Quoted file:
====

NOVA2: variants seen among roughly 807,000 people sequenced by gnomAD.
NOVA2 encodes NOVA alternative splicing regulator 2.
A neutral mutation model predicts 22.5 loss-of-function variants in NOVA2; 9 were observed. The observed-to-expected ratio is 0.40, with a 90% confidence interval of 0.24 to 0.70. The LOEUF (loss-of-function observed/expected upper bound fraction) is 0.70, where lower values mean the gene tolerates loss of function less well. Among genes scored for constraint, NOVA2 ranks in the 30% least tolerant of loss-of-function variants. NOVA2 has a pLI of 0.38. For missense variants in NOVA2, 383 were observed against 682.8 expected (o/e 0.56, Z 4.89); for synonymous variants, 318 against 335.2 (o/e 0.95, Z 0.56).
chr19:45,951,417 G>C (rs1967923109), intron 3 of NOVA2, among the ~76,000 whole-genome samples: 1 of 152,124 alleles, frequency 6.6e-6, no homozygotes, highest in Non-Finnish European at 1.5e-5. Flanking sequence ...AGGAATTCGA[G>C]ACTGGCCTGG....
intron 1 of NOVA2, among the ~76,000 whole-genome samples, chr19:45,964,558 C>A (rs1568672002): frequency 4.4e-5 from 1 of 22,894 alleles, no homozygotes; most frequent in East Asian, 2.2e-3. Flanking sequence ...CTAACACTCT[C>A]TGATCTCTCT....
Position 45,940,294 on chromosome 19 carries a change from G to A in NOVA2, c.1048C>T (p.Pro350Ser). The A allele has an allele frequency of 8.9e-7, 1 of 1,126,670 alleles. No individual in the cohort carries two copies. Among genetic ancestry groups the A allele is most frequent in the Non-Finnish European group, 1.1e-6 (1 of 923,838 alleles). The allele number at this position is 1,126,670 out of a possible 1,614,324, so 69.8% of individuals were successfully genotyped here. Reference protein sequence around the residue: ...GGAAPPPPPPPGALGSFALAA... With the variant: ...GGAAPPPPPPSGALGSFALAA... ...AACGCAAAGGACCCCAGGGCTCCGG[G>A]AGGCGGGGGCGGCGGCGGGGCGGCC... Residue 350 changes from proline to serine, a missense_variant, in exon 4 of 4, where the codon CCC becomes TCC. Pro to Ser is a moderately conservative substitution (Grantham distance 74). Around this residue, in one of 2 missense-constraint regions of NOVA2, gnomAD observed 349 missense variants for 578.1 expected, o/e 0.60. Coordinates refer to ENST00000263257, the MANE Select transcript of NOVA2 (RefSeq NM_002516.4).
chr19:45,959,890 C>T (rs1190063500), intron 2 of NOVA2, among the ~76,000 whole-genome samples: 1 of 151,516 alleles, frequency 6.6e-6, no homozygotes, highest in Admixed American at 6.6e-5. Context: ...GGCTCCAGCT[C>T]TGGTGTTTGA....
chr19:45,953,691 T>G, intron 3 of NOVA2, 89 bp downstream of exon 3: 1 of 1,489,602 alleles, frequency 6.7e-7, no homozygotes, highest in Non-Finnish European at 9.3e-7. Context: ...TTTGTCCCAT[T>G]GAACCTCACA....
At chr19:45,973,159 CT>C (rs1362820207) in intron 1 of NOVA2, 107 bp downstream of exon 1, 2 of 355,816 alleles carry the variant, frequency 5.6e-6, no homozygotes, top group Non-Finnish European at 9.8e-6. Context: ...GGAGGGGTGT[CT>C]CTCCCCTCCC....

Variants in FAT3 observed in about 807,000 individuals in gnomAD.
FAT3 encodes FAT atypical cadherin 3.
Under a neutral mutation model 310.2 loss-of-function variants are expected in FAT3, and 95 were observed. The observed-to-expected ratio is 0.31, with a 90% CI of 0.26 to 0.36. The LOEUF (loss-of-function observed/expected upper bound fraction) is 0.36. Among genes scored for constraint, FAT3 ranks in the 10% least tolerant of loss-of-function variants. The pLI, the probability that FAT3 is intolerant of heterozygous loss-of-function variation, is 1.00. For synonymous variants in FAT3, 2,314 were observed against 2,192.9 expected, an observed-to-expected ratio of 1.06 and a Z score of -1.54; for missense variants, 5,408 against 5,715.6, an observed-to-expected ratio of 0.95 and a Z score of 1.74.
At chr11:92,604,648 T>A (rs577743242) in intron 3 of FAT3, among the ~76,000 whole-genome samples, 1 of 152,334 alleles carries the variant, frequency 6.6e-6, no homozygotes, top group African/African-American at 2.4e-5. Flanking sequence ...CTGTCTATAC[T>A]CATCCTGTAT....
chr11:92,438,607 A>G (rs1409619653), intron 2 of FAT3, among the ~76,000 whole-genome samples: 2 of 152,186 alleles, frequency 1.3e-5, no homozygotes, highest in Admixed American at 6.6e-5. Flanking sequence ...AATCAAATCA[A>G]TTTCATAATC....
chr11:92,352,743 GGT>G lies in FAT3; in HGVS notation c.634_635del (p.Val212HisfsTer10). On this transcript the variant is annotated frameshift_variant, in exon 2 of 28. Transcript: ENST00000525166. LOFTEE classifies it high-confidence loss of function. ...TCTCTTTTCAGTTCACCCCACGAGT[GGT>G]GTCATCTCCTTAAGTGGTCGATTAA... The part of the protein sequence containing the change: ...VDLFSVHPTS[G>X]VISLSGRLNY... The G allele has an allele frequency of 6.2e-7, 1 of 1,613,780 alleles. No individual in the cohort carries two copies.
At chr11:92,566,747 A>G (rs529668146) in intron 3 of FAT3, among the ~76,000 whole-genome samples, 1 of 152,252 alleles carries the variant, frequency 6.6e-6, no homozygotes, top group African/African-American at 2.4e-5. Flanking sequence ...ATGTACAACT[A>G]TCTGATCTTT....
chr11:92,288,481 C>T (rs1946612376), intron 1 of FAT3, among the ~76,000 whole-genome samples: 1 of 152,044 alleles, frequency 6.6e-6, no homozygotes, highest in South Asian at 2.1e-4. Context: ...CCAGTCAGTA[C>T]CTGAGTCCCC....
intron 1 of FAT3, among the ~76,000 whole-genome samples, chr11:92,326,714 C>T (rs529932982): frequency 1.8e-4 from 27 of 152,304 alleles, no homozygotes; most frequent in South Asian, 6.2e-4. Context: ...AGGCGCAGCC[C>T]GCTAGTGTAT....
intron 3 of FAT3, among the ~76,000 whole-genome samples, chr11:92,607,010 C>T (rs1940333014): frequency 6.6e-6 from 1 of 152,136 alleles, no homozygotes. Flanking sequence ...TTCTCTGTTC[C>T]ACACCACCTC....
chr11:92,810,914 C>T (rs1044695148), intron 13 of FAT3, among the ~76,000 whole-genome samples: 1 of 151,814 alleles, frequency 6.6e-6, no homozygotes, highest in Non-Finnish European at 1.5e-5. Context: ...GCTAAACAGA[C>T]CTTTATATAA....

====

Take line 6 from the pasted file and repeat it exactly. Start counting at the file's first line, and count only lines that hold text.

Position 45,940,294 on chromosome 19 carries a change from G to A in NOVA2, c.1048C>T (p.Pro350Ser). The A allele has an allele frequency of 8.9e-7, 1 of 1,126,670 alleles. No individual in the cohort carries two copies. Among genetic ancestry groups the A allele is most frequent in the Non-Finnish European group, 1.1e-6 (1 of 923,838 alleles). The allele number at this position is 1,126,670 out of a possible 1,614,324, so 69.8% of individuals were successfully genotyped here. Reference protein sequence around the residue: ...GGAAPPPPPPPGALGSFALAA... With the variant: ...GGAAPPPPPPSGALGSFALAA... ...AACGCAAAGGACCCCAGGGCTCCGG[G>A]AGGCGGGGGCGGCGGCGGGGCGGCC... Residue 350 changes from proline to serine, a missense_variant, in exon 4 of 4, where the codon CCC becomes TCC. Pro to Ser is a moderately conservative substitution (Grantham distance 74). Around this residue, in one of 2 missense-constraint regions of NOVA2, gnomAD observed 349 missense variants for 578.1 expected, o/e 0.60. Coordinates refer to ENST00000263257, the MANE Select transcript of NOVA2 (RefSeq NM_002516.4).